Sabetay v. Sterling Drug, Inc.

CourtNew York Court of Appeals
Citation514 N.Y.S.2d 209,69 N.Y.2d 329,506 N.E.2d 919
Parties, 506 N.E.2d 919, 2 IER Cases 150 Alexander SABETAY, Appellant, v. STERLING DRUG, INC., Respondent.
Decision Date26 March 1987
OPINION OF THE COURT

BELLACOSA, Judge.

Plaintiff asserts he was wrongfully discharged from employment because he refus to participate in certain improper, unethical and illegal activities, and because he "blew the whistle" on these alleged activities. He was employed by a division of the defendant corporation without a written contract, and alleges that his dismissal was in violation of two contractual obligations: the first arising from the "Corporate Employee Relations Policy" manual and the second arising from Sterling's Code of Corporate Conduct and Internal Control Guide (together referred to as the "Accounting Code").

The issue is whether plaintiff stated a cause of action by alleging that a statement in a corporate personnel policy manual created an enforceable contractual promise not to terminate him on any ground not mentioned in the manual, or by alleging that various corporate accounting policies constituted an employment agreement precluding plaintiff's terminati for refusing to participate in allegedly improper activities.

From June 1972 to December 1984 plaintiff, a director of financial projects, was employed by Sterling International Group, a division of Sterling Drug. He had been administering the dissolution of Sterling's Greek manufacturing facility. The liquidation was completed in June 1983. In February 1984, plaintiff was recalled to New York and was notified of his discharge in July, when no job within Sterling or any of its subsidiaries could be found for him.

Plaintiff alleges that he was discharged because he refused to participate in certain illegal activities (i.e., tax avoidance schemes and maintenance of slush funds) arising out of the liquidation of Sterling's Greek manufacturing facility, and because he disclosed these activities to his supervisor in compliance with what plaintiff believed to be corporate policy. His complaint alleges four contract and three tort causes of action, all based on wrongful discharge from employment.

Defendant Sterling moved, pursuant to CPLR 3211(a)(7), to dismiss the complaint on the ground that none of the seven causes of action stated a cognizable claim. Supreme Court dismissed the tort actions but denied the motion as to the four contract causes of action. The Appellate Division, 114 A.D.2d 6, 497 N.Y.S.2d 655, affirmed the dismissal of the causes of action sounding in tort and also dismissed the four claims based on a breach of an implied contract of employment. Although the complaint was dismissed in its entirety, plaintiff, on appeal to this court, challenges only the dismissal of the four contract causes of action. We agree with the Appellate Division that plaintiff has failed to state a cognizable cause of action for breach of any implied contract rights.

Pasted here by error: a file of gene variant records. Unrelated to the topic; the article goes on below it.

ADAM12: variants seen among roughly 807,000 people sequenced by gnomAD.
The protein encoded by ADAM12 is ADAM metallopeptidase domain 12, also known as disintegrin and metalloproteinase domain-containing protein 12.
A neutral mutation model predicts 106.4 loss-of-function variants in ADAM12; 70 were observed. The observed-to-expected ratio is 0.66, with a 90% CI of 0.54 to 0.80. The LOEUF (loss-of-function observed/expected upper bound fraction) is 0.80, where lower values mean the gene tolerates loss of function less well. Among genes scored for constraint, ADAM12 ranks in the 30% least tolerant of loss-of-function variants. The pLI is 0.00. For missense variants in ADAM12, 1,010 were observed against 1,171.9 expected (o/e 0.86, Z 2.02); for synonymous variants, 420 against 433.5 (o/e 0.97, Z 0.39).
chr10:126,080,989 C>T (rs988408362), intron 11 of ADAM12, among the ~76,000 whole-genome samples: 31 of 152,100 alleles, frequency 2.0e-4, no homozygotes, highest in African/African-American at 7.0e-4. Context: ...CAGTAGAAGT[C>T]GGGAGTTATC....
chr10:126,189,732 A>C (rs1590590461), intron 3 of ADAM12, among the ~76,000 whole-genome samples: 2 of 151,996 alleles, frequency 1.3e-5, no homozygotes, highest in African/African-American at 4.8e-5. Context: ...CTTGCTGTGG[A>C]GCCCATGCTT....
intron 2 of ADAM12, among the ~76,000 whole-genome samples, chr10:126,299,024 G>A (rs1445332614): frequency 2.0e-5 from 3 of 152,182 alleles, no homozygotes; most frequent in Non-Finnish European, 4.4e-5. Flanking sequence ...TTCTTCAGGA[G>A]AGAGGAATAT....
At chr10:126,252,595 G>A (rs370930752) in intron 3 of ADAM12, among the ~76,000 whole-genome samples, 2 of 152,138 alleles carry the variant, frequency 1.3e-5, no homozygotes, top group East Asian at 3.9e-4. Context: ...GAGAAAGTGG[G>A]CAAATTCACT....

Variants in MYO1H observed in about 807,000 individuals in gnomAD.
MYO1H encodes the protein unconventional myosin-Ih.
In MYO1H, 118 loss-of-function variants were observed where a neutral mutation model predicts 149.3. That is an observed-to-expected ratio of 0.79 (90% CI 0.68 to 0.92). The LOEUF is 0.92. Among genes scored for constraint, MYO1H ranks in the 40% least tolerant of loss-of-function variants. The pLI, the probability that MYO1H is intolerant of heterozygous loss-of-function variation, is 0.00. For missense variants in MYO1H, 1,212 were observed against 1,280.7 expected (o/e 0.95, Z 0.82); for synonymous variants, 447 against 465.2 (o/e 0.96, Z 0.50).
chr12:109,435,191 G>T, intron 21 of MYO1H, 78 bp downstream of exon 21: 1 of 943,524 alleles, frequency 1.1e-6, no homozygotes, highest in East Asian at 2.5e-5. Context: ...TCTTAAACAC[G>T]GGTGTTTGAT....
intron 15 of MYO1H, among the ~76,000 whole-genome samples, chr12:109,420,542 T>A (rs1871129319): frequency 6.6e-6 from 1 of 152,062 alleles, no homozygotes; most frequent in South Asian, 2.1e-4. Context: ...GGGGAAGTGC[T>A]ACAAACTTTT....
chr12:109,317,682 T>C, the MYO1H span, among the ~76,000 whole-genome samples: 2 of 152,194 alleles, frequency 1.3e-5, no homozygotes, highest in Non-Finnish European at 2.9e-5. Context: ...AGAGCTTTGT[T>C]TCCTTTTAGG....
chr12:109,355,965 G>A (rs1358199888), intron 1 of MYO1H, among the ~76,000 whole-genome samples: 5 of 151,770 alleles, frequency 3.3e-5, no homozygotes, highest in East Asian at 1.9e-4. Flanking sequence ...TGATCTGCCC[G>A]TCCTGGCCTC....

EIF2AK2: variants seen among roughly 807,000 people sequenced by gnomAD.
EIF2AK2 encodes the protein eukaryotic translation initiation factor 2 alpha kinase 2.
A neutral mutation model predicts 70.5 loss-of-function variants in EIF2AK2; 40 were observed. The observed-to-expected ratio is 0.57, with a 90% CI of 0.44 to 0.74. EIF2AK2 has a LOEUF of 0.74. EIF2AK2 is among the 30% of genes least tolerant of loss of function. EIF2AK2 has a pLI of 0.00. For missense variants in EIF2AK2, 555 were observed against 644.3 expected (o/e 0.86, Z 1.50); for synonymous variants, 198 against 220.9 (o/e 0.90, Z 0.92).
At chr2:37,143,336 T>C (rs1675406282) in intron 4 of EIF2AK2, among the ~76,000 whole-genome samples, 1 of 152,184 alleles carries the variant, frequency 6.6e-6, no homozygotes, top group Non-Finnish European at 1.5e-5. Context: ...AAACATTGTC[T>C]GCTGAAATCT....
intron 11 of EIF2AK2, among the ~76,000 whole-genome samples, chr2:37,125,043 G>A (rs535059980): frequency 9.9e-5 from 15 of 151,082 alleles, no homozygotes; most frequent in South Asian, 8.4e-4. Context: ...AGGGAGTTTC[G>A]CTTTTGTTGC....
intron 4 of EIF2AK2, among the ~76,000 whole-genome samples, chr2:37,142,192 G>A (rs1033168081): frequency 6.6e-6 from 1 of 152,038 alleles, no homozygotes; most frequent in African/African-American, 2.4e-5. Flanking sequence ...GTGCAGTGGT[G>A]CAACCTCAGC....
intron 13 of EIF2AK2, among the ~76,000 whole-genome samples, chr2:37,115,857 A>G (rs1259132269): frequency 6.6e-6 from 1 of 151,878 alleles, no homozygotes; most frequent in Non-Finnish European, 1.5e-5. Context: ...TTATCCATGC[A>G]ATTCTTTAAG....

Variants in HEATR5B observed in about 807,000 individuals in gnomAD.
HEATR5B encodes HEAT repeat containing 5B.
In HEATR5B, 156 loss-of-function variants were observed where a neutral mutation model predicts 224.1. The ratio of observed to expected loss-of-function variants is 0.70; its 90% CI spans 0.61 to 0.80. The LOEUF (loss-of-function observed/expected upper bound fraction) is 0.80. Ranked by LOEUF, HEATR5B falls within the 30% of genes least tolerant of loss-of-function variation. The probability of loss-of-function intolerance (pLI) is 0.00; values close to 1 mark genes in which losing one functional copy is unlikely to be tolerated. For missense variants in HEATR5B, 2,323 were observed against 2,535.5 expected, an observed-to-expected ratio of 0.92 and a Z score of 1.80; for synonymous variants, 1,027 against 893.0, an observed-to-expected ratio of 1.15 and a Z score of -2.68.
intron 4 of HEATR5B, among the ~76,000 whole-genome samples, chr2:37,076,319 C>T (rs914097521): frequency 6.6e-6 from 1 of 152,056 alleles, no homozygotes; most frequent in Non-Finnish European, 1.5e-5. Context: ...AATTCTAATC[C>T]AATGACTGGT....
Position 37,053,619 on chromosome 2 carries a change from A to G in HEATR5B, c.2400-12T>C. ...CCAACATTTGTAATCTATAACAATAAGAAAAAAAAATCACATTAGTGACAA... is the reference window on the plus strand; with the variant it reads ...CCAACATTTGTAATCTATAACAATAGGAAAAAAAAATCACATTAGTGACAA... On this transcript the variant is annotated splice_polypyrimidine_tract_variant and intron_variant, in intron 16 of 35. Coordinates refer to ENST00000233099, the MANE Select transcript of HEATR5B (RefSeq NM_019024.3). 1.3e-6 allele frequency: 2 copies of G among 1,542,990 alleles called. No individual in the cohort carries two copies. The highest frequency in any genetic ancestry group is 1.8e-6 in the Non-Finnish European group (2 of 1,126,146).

As the basis for the first breach of contract claim, Sabetay contends that Sterling's personnel manual, which enumerates seven grounds for termination, establishes an implied promise that those are the only grounds for termination and that plaintiff's termination without cause amounted to a breach of that implied contractual agreement.

The three remaining contract claims (plaintiff's second, fourth and sixth causes of action) are based on Sterling's written policies, which plaintiff contends require an employee to refrain from certain illegal or unethical activities and impose a duty on the employee to report such activities to senior management officials. Sabetay argues that these policies, coupled with a statement on the employment application that all Sterling employees are to comply with company rules and regulations, create an implied agreement not to dismiss an employee for activity in accordance with these very policies.

It is still settled law in New York that, absent an agreement establishing a fixed duration, an employment relationship is presumed to be a hiring at will, terminable at any time by either party (Martin v. New York Life Ins. Co., 148 N.Y. 117, 121, 42 N.E. 416). The original purposes of the employment at-will doctrine were to afford employees the freedom to contract to suit their needs and to allow employers to exercise their best judgment with regard to employment matters.